November is always such a crucial and exciting time when Stephen, our operations director Thierry and I get in the car and join our winemaker Nathalie Longefay for countless meetings all over the best grower cellars in Provence to chose the building blocks for our new vintage.
So what was the 2020 vintage actually like you may wonder? Firstly, the all important water levels were good, given that we had experienced some pretty sizeable rainfalls in November and early spring that had filled up the water table. Given that we have had hydric stress in the vineyards for some years prior this was a good beginning to what would turn out to be a very complicated year.
A very mild and warm winter followed, which meant the vegetation was about 2 weeks ahead of schedule, when a late frost on the 24th of March hit the region. Two nights at -5 degrees Celsius had a devastating effect, especially so in the areas that are known to develop early. We count ourselves as the unlucky ones at the Domaine, which lost nearly 70% of its expected crop, but many other growers had partial damage to their vineyards across the wider region. Seeing the grey and dead buds on our own vines was a tough initiation ceremony to our own farming adventure.
The rest of the year passed without significant climatic events, with no significant heatwaves (in contrast to 2019 when we registered some of the highest temperatures ever in the region), little mildew and generally a healthy looking crop. Challenges were more around uneven ripening due to the partial frost damage, which had the vignerons running in circles between their fields checking maturities, stopping and starting harvests and being unable to stick to their varietal calendar. Luckily today’s technology helps and they were well prepared and highly vigilant. A few days rain break at the end of August meant a juicier crop and the harvest levelled out at roughly 8% below the last one in the Côtes de Provence area.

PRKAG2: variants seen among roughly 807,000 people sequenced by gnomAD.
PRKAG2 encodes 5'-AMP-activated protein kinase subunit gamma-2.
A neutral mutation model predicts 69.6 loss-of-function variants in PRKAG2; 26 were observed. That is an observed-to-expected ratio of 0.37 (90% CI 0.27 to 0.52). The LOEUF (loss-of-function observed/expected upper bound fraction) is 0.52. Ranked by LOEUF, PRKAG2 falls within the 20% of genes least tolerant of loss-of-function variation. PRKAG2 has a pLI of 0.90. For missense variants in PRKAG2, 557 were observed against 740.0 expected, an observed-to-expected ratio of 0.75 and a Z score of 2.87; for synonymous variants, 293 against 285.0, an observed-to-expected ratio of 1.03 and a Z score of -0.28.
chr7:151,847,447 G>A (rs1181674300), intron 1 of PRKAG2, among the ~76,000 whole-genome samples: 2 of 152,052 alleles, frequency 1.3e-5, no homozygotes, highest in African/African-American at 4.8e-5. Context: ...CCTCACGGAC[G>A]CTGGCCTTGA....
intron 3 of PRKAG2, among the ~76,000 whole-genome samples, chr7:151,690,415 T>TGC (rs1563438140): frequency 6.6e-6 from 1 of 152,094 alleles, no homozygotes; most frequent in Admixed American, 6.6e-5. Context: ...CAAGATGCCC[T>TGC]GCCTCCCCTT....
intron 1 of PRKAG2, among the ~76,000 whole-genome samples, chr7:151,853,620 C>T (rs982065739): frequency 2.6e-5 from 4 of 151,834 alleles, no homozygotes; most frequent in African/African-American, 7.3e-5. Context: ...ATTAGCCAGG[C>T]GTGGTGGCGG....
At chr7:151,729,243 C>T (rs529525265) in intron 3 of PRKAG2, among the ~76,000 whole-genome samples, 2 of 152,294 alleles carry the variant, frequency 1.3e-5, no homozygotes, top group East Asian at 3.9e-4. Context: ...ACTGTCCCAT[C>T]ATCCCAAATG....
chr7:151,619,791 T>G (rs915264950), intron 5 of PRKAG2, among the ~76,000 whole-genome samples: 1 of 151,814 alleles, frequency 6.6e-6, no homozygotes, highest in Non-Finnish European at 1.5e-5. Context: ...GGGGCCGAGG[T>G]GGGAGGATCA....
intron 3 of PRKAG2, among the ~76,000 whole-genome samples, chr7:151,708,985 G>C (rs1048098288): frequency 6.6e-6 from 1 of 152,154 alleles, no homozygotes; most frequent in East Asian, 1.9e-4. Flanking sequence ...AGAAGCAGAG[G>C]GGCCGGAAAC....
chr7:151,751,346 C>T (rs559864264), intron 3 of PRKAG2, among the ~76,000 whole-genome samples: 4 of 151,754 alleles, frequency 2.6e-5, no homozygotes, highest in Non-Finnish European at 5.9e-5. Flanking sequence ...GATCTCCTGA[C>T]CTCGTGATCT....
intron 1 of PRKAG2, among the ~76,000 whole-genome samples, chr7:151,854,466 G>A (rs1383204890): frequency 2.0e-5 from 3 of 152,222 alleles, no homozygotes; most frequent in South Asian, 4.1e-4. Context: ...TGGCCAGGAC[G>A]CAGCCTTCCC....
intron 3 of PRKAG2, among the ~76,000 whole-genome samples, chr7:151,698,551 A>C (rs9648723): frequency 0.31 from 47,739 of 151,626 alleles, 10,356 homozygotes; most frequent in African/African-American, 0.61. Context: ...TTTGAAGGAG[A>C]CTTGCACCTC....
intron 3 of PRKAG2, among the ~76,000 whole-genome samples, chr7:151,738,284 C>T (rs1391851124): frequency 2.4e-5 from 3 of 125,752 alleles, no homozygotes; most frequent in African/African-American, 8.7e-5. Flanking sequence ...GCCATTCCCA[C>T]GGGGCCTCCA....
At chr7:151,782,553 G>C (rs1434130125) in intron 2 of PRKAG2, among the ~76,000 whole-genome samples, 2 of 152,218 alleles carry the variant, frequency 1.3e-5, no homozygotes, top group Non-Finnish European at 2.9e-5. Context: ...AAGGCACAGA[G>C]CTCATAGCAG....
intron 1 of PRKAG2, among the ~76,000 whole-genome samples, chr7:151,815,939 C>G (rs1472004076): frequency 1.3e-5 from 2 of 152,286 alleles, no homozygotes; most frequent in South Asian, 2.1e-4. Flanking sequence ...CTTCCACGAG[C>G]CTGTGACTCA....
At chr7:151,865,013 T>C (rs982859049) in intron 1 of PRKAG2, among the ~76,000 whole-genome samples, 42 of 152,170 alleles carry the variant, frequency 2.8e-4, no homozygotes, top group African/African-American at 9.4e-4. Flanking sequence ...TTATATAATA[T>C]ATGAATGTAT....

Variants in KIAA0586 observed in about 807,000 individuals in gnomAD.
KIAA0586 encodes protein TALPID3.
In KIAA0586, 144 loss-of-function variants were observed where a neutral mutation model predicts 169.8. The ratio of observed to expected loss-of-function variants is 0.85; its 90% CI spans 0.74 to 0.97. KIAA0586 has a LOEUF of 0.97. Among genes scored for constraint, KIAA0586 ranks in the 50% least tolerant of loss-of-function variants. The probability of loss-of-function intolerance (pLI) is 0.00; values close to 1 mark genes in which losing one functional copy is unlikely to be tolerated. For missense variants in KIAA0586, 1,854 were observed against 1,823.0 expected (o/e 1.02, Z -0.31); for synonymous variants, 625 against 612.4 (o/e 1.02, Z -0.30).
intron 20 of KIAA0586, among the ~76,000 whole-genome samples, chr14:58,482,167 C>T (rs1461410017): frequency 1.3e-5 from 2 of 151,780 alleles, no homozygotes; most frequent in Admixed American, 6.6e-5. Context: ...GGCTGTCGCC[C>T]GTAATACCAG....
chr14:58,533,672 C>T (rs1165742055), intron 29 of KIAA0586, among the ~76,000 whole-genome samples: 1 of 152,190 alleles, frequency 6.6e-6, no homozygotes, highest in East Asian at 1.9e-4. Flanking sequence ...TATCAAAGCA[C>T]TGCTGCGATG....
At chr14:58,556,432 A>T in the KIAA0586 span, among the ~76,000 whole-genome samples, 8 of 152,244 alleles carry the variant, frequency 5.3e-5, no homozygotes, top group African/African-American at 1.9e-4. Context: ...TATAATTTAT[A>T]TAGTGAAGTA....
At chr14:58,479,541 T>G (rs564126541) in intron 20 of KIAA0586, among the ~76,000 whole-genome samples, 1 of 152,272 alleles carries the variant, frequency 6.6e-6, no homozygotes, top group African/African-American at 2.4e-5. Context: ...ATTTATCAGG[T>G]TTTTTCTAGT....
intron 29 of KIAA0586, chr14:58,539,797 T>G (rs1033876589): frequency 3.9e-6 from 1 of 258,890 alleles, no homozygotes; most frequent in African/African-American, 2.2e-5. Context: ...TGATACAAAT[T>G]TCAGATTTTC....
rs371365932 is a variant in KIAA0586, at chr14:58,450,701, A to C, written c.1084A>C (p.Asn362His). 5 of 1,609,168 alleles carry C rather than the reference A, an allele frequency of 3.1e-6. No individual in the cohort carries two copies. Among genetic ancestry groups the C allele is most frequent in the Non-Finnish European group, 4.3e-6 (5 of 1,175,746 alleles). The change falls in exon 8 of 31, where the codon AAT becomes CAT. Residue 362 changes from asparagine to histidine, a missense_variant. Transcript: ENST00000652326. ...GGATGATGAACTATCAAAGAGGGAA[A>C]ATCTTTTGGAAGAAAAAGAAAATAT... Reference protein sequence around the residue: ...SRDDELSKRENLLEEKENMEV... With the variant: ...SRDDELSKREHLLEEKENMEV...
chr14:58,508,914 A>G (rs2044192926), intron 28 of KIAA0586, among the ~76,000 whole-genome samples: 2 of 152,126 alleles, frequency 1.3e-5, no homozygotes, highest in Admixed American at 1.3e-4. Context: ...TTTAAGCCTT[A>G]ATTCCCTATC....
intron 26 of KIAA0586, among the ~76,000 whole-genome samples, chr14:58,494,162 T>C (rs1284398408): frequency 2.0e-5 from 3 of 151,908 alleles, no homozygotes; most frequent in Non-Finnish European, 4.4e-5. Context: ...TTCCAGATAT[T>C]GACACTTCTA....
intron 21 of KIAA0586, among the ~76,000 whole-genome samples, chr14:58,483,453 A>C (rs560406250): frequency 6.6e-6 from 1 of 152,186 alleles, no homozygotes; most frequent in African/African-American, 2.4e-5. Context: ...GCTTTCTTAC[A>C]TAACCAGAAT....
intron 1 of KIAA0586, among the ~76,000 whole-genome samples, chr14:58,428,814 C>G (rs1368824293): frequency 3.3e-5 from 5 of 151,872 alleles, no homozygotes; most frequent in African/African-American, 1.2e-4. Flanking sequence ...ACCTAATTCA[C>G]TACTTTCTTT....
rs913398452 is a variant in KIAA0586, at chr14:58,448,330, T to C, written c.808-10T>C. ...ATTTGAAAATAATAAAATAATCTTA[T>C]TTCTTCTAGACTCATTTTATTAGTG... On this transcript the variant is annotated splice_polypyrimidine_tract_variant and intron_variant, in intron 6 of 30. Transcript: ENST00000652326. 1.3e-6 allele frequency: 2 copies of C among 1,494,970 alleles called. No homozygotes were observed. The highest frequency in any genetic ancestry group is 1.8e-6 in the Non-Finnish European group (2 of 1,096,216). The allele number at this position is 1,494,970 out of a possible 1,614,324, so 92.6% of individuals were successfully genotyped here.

We were offered a big and beautifully coloured panel of more than 150 of the best base wines from all over the Cotes de Provence region. The wines displayed good extracted flavours from the main grape varietals, Grenache, Cinsault and Syrah and a little Carignan, providing us with a really interesting tasting experience. Choice is everything in wine blending and we were really spoilt this year, giving us all the pieces of the puzzle to complete each Cuvée’s very own character and style. Less than a third of the preselected wines make it into our final blends and whilst it’s always sad to leave good wines on the “cutting room floor” it is a sign that unless it’s great it doesn’t make the grade.
Once we have preselected we lock ourselves away to go through intense blending sessions for each Cuvée. We have just finished blending Classic a few days ago, which was our last wine to come together, as it comes from the areas that harvest last. It is exhausting work and a glass of beer is our drink of choice at the end of a long day with a very tired palate.
The wines are now resting for a bit longer to allow them to develop more of their aromatic profiles, before the final “assemblage” and first bottlings during January. We are both very happy to say that our growers and winemaking partners have worked incredibly well, in spite of the difficult conditions both in and outside of the vineyards. The result will be another year of enchantingly good quality coming out of Provence. We are also delighted to have welcomed a new Team member to the Mirabeau blending team in Pablo Laborde, a young Argentinian oenologue, who has realised his own dream to move here and work with the famous Rosés of Provence.
In the meantime we hope you are still enjoying the Rosés of 2019, which will still be delightful to drink in Spring 2021. If you have any questions please send us a quick note. Jeany